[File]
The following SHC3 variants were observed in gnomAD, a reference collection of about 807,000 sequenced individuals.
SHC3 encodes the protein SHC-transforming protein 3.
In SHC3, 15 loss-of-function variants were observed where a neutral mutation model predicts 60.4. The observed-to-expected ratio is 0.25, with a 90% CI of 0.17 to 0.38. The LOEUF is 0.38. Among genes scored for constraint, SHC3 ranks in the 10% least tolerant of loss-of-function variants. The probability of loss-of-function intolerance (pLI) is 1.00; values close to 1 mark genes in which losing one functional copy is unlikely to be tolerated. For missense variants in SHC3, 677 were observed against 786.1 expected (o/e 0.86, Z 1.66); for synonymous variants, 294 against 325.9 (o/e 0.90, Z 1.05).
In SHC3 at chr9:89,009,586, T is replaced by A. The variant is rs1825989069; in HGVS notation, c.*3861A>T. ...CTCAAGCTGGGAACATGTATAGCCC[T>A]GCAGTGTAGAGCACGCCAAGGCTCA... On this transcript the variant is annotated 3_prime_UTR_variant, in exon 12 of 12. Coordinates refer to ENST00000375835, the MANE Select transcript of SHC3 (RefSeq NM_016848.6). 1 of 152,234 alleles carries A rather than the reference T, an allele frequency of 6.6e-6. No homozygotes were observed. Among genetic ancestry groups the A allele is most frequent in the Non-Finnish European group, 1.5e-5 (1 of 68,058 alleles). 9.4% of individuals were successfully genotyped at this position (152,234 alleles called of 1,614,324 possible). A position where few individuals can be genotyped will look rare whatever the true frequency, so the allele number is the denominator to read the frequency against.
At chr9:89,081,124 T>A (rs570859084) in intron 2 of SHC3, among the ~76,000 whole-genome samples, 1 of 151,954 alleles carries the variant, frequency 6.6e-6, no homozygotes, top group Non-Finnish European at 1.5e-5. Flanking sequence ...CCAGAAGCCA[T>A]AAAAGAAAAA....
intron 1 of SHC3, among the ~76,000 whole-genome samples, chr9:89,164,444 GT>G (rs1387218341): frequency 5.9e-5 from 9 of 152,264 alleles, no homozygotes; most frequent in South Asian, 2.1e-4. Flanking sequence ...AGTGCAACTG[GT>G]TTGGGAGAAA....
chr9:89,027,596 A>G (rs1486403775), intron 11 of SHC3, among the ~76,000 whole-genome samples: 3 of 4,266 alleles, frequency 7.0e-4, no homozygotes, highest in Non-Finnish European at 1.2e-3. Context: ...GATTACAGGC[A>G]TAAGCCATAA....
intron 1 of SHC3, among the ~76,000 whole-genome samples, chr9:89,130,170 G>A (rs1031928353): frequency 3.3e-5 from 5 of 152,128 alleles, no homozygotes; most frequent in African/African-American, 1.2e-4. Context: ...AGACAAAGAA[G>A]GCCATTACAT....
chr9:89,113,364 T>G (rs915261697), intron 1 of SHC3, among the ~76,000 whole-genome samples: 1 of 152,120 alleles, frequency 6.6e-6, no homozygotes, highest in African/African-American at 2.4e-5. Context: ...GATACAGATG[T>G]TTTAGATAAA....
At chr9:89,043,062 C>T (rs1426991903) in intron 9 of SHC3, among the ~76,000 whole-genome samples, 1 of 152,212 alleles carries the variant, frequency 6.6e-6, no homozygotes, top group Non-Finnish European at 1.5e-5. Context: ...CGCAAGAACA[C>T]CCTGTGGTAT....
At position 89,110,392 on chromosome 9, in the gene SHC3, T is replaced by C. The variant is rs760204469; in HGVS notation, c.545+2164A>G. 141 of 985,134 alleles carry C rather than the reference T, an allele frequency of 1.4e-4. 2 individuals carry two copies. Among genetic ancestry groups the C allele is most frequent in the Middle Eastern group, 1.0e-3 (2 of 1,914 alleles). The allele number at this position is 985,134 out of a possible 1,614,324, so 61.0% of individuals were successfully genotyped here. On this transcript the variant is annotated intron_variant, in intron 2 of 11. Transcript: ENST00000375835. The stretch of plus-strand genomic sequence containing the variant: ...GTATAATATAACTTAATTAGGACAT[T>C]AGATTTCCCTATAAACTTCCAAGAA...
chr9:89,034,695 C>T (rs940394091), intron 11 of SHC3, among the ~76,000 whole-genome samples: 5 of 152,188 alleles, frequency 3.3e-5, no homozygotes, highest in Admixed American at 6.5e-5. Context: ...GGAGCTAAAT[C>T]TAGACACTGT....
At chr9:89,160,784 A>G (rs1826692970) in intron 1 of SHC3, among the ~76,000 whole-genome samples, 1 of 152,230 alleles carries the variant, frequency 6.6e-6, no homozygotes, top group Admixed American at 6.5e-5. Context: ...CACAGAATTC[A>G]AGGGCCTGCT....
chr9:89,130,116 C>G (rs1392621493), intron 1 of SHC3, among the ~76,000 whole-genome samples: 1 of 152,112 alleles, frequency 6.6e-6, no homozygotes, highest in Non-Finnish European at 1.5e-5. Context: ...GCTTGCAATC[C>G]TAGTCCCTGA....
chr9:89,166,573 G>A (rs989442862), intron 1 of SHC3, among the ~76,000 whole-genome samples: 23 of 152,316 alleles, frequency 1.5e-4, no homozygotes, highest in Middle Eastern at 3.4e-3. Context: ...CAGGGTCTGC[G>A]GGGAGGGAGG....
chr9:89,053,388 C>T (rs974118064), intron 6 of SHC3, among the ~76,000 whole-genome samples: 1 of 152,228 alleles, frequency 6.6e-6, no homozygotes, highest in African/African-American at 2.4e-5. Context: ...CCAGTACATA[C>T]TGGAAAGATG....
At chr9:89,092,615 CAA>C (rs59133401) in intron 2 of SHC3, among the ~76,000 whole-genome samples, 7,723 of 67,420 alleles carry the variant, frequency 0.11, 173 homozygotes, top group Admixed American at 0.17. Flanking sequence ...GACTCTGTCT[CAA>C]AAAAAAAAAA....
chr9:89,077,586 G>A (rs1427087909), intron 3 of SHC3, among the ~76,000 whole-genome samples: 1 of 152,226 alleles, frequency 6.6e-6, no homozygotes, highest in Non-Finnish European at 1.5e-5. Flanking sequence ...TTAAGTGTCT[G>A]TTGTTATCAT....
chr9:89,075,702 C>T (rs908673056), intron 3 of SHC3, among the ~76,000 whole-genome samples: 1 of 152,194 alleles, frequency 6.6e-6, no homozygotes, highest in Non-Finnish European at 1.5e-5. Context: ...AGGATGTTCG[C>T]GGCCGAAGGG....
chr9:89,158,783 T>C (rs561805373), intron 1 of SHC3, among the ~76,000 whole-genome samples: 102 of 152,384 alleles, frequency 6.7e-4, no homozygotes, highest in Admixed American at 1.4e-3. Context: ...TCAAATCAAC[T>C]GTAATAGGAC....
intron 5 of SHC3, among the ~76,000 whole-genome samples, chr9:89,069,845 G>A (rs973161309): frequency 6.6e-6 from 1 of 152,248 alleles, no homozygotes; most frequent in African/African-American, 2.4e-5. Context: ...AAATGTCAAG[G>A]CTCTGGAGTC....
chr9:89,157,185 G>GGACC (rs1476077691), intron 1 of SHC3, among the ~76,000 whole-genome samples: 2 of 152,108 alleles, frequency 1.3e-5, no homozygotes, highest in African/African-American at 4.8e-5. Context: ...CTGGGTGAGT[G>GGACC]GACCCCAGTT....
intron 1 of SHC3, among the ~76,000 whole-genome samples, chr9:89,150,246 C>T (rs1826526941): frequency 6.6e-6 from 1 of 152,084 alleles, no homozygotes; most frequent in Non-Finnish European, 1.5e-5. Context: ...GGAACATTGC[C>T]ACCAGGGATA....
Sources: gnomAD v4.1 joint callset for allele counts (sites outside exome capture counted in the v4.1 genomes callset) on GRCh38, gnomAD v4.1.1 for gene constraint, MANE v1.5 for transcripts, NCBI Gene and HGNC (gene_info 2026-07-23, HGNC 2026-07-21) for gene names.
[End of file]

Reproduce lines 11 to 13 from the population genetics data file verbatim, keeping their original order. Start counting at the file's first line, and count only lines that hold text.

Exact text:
At position 89,110,392 on chromosome 9, in the gene SHC3, T is replaced by C. The variant is rs760204469; in HGVS notation, c.545+2164A>G. 141 of 985,134 alleles carry C rather than the reference T, an allele frequency of 1.4e-4. 2 individuals carry two copies. Among genetic ancestry groups the C allele is most frequent in the Middle Eastern group, 1.0e-3 (2 of 1,914 alleles). The allele number at this position is 985,134 out of a possible 1,614,324, so 61.0% of individuals were successfully genotyped here. On this transcript the variant is annotated intron_variant, in intron 2 of 11. Transcript: ENST00000375835. The stretch of plus-strand genomic sequence containing the variant: ...GTATAATATAACTTAATTAGGACAT[T>C]AGATTTCCCTATAAACTTCCAAGAA...
chr9:89,034,695 C>T (rs940394091), intron 11 of SHC3, among the ~76,000 whole-genome samples: 5 of 152,188 alleles, frequency 3.3e-5, no homozygotes, highest in Admixed American at 6.5e-5. Context: ...GGAGCTAAAT[C>T]TAGACACTGT....
At chr9:89,160,784 A>G (rs1826692970) in intron 1 of SHC3, among the ~76,000 whole-genome samples, 1 of 152,230 alleles carries the variant, frequency 6.6e-6, no homozygotes, top group Admixed American at 6.5e-5. Context: ...CACAGAATTC[A>G]AGGGCCTGCT....